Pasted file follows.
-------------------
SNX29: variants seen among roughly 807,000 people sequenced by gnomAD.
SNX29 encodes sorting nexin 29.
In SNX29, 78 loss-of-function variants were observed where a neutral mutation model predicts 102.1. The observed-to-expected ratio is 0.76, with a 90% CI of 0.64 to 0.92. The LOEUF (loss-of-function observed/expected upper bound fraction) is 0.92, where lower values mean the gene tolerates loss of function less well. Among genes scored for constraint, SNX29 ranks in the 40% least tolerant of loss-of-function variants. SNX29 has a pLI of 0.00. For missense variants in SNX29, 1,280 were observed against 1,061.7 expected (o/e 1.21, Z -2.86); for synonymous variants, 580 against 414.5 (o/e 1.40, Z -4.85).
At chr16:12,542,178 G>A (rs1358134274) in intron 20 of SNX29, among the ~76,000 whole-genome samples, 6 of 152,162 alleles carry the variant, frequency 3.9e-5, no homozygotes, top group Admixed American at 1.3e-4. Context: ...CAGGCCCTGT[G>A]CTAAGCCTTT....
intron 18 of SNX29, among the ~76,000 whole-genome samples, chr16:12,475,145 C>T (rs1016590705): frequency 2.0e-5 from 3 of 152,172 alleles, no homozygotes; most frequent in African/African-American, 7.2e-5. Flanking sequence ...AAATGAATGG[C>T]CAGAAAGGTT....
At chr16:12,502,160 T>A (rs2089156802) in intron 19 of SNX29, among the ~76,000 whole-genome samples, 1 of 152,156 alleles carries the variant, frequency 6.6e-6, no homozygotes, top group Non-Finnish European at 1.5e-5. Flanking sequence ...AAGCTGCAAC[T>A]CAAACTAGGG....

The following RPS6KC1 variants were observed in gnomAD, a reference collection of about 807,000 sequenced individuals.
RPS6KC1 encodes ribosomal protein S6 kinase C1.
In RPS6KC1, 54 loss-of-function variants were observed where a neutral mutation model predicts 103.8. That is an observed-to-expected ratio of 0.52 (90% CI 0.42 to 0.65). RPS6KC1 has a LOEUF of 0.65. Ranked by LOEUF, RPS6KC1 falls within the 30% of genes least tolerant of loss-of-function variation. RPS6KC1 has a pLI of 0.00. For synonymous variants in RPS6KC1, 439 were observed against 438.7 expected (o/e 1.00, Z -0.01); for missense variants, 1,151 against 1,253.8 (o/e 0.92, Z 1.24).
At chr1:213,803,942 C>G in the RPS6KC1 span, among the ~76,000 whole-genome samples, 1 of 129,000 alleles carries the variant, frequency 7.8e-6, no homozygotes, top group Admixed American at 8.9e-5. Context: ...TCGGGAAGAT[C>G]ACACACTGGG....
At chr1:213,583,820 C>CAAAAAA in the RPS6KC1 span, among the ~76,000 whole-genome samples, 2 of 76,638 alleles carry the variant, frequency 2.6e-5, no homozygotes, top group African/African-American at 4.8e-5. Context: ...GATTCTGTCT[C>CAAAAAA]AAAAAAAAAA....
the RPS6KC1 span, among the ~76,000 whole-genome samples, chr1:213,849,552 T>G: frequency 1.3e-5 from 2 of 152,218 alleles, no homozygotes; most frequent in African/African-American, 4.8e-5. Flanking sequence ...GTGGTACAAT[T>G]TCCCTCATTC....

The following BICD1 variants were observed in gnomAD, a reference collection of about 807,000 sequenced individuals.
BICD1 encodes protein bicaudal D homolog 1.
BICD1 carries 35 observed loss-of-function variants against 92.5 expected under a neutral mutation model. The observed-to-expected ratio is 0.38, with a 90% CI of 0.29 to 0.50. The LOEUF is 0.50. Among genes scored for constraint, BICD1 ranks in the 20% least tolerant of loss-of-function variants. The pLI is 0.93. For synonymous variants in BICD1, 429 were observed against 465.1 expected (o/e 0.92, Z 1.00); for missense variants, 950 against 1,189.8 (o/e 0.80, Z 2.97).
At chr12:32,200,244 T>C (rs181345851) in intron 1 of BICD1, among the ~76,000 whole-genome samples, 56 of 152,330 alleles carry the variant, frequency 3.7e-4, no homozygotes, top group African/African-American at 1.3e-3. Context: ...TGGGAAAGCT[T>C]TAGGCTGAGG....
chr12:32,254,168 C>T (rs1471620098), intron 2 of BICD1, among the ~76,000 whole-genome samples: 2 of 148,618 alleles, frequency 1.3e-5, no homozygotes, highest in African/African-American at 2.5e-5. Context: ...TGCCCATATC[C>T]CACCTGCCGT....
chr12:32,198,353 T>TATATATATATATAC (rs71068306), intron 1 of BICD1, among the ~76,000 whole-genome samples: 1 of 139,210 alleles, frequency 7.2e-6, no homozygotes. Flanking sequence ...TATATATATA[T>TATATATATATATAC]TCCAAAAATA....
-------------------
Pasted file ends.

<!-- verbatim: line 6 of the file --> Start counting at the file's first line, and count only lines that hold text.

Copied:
At chr16:12,502,160 T>A (rs2089156802) in intron 19 of SNX29, among the ~76,000 whole-genome samples, 1 of 152,156 alleles carries the variant, frequency 6.6e-6, no homozygotes, top group Non-Finnish European at 1.5e-5. Flanking sequence ...AAGCTGCAAC[T>A]CAAACTAGGG....